“Well, I remember M.R. gave you a hard time,” I admitted, frustrated that, even 11 years later, you still bring up the guy in our co-op I was romantically entangled with and who ended up being one of the most difficult housemates you had ever had. “But I didn’t know S.D. was so bad.”
“Oh- she was the worst. She was the most disruptive, inflexible person to ever come through Regen.”
“Seriously?? Wow. I had no idea,” I said, feeling even worse, because I was pretty sure S.D., a fellow graduate of Pomona College, heard about Regen from me.
I looked at you for a few moments, wondered to myself if we would ever be physically close again. I wondered if the maturation people undergo can sometimes bring two people who have grown apart back into compatibility. I didn’t wonder long before you decisively shifted the energy.
“Let’s go hike,” you said, eyes still on the ceiling. “Bonelli?”
Relieved at your clarity and desire to go outside, I still gave some pushback, “I don’t like Bonelli. Too flat, too close to the freeway. Claremont wilderness?”
You humored me, agreed to what I wanted. You left the bedroom and I heard you downstairs, water flowing and dishes clanking, as you cleaned the dishes your housemates had left in the sink overnight, and maybe the bowl I had also left.
I dug around in my bag looking for athletic clothes. I laid them out and started to change quickly, in case you came back into your room. You came in when I was only wearing my shorts and sports bra, facing the windows away from the door.
“Oh, sorry,” you said.
“Not at all,” I said, “It’s just a sports bra.”
When we both went downstairs, I grabbed my leftovers box in your fridge from earlier the prior day and I was ready to leave without eating breakfast, since it takes me a while to get hungry. But you poured yourself a bowl of plain oats and soymilk. I was almost irritated when I sat in a dining room chair to watch you eat, until I realized that any and all eating on your part was something I supported. When you added a big piece of M.W.’s cake to your bowl, I smiled. You ate quickly and washed your bowl and we left.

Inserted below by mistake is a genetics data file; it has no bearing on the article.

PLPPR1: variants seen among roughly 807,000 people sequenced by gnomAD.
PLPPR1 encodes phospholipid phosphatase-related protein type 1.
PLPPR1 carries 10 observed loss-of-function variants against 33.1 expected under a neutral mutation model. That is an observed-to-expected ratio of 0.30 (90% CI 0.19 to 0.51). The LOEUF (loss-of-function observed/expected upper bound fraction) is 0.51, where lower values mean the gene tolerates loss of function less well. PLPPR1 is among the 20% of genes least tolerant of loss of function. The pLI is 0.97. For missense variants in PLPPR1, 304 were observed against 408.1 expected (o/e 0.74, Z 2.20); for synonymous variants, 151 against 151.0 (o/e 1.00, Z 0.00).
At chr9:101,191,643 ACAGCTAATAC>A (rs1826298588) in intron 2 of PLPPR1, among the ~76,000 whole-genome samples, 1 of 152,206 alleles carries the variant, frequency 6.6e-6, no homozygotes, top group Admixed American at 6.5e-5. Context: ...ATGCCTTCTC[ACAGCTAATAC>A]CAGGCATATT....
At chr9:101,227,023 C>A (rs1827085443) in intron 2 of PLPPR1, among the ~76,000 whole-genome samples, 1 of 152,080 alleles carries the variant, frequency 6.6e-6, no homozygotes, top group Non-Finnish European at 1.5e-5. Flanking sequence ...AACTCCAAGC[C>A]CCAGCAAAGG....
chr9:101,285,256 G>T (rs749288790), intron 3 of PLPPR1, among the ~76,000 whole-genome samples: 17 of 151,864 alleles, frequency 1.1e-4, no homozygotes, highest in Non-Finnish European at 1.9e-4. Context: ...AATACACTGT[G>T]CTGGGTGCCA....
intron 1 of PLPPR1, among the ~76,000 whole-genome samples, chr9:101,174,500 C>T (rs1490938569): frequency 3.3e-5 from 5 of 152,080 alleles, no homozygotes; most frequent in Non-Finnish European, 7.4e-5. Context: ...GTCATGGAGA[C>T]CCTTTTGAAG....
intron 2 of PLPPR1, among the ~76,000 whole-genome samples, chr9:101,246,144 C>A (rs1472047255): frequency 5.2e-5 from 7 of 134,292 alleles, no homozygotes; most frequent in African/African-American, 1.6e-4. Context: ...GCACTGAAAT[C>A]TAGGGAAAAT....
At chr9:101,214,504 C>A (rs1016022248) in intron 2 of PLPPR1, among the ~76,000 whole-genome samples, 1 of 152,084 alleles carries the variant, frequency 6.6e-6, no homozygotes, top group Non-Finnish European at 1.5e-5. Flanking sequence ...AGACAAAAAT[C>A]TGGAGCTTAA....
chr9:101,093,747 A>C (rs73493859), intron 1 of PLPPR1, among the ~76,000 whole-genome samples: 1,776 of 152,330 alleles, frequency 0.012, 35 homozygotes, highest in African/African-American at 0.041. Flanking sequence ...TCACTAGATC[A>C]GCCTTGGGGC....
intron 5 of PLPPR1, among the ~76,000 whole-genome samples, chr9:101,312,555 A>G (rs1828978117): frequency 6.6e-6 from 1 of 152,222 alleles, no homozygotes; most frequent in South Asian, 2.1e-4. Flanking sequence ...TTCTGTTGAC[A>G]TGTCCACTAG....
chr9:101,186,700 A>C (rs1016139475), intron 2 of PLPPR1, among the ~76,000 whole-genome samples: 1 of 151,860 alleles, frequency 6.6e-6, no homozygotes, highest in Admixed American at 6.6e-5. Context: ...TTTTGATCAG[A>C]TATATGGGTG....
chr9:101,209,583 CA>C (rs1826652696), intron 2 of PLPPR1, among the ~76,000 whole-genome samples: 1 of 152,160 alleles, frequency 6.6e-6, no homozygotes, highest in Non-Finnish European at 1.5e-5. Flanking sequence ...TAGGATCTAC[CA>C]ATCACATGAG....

I drove my car and you drove yours to Pomona College, where I attended school until the fall of 2002, six months before I met you. At Pomona we dropped off my car and you would later drop me there at 10am when I would be meeting with my friend who was my boss at my work-study job when I was in college. We drove in your new electric RAV4* (Is that what it was? You spent several minutes telling me about the new generation of electric cars you and your mom and some other friends of yours were driving.) When we approached the parking area for the Claremont Wilderness, you told me they had started charging to park there. We commiserated in our displeasure about this fact.
“Not that I don’t believe in levying fees for driving a car,” you admitted.
“But still, it sucks. Maybe it will cause more people to ride bikes up here, anyway.”
Before we even parked we noticed there were signs saying the wilderness area was closed due to extreme fire danger. I was sad about this, because there was a certain trail I wanted to walk, with ample shade to lessen the intensity of the heat-wave that was still lingering in Southern California. You and I flowed together, as we always did, and just parked anyway and determined to go walk to the main entrance, just to make sure- to have a “look-see,” as I said. You paid for the parking permit at the machine before I even noticed what you were doing.
Cars that had driven up to the parking lot at the trailhead of the Claremont Wilderness were driving back past us as we walked towards the trailhead, motioning to us that the trail was closed.
“We’re just taking a look-see,” I stated to the drivers with windows down.
We walked all the way up to the closed gate, noticed that we could easily walk into a side gate where some sort of construction was happening and around this gate, and stopped for a few moments to think about it. We decided we would not go against the “extreme fire danger” warnings and instead do as others were doing, and walk on the Thompson Creek trail that runs along the base of the Claremont Wilderness.